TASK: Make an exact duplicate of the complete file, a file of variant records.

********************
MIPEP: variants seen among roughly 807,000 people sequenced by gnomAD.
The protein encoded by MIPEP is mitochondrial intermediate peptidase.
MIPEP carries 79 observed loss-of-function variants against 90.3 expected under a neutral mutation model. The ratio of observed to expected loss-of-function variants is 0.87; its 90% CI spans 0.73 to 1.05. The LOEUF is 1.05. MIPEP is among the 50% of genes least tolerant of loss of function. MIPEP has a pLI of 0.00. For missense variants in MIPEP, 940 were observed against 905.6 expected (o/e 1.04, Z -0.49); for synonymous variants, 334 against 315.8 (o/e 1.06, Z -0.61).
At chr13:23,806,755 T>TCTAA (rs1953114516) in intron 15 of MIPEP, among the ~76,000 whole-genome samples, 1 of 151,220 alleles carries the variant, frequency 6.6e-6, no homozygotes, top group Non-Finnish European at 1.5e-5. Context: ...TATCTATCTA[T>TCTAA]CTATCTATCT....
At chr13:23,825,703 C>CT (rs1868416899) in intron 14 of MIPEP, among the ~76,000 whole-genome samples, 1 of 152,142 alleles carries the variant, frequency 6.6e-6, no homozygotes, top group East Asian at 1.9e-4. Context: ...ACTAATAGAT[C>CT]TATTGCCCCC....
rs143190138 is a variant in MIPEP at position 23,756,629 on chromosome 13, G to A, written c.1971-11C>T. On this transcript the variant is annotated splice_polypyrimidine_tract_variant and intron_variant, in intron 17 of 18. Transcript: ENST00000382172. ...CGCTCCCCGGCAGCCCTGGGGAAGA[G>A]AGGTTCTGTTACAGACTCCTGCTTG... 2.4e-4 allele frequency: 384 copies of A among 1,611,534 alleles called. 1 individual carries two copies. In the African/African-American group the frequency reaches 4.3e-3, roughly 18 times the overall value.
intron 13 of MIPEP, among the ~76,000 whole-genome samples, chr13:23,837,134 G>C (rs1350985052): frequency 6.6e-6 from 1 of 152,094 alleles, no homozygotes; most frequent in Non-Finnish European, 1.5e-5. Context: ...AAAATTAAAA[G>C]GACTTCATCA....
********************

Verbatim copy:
MIPEP: variants seen among roughly 807,000 people sequenced by gnomAD.
The protein encoded by MIPEP is mitochondrial intermediate peptidase.
MIPEP carries 79 observed loss-of-function variants against 90.3 expected under a neutral mutation model. The ratio of observed to expected loss-of-function variants is 0.87; its 90% CI spans 0.73 to 1.05. The LOEUF is 1.05. MIPEP is among the 50% of genes least tolerant of loss of function. MIPEP has a pLI of 0.00. For missense variants in MIPEP, 940 were observed against 905.6 expected (o/e 1.04, Z -0.49); for synonymous variants, 334 against 315.8 (o/e 1.06, Z -0.61).
At chr13:23,806,755 T>TCTAA (rs1953114516) in intron 15 of MIPEP, among the ~76,000 whole-genome samples, 1 of 151,220 alleles carries the variant, frequency 6.6e-6, no homozygotes, top group Non-Finnish European at 1.5e-5. Context: ...TATCTATCTA[T>TCTAA]CTATCTATCT....
At chr13:23,825,703 C>CT (rs1868416899) in intron 14 of MIPEP, among the ~76,000 whole-genome samples, 1 of 152,142 alleles carries the variant, frequency 6.6e-6, no homozygotes, top group East Asian at 1.9e-4. Context: ...ACTAATAGAT[C>CT]TATTGCCCCC....
rs143190138 is a variant in MIPEP at position 23,756,629 on chromosome 13, G to A, written c.1971-11C>T. On this transcript the variant is annotated splice_polypyrimidine_tract_variant and intron_variant, in intron 17 of 18. Transcript: ENST00000382172. ...CGCTCCCCGGCAGCCCTGGGGAAGA[G>A]AGGTTCTGTTACAGACTCCTGCTTG... 2.4e-4 allele frequency: 384 copies of A among 1,611,534 alleles called. 1 individual carries two copies. In the African/African-American group the frequency reaches 4.3e-3, roughly 18 times the overall value.
intron 13 of MIPEP, among the ~76,000 whole-genome samples, chr13:23,837,134 G>C (rs1350985052): frequency 6.6e-6 from 1 of 152,094 alleles, no homozygotes; most frequent in Non-Finnish European, 1.5e-5. Context: ...AAAATTAAAA[G>C]GACTTCATCA....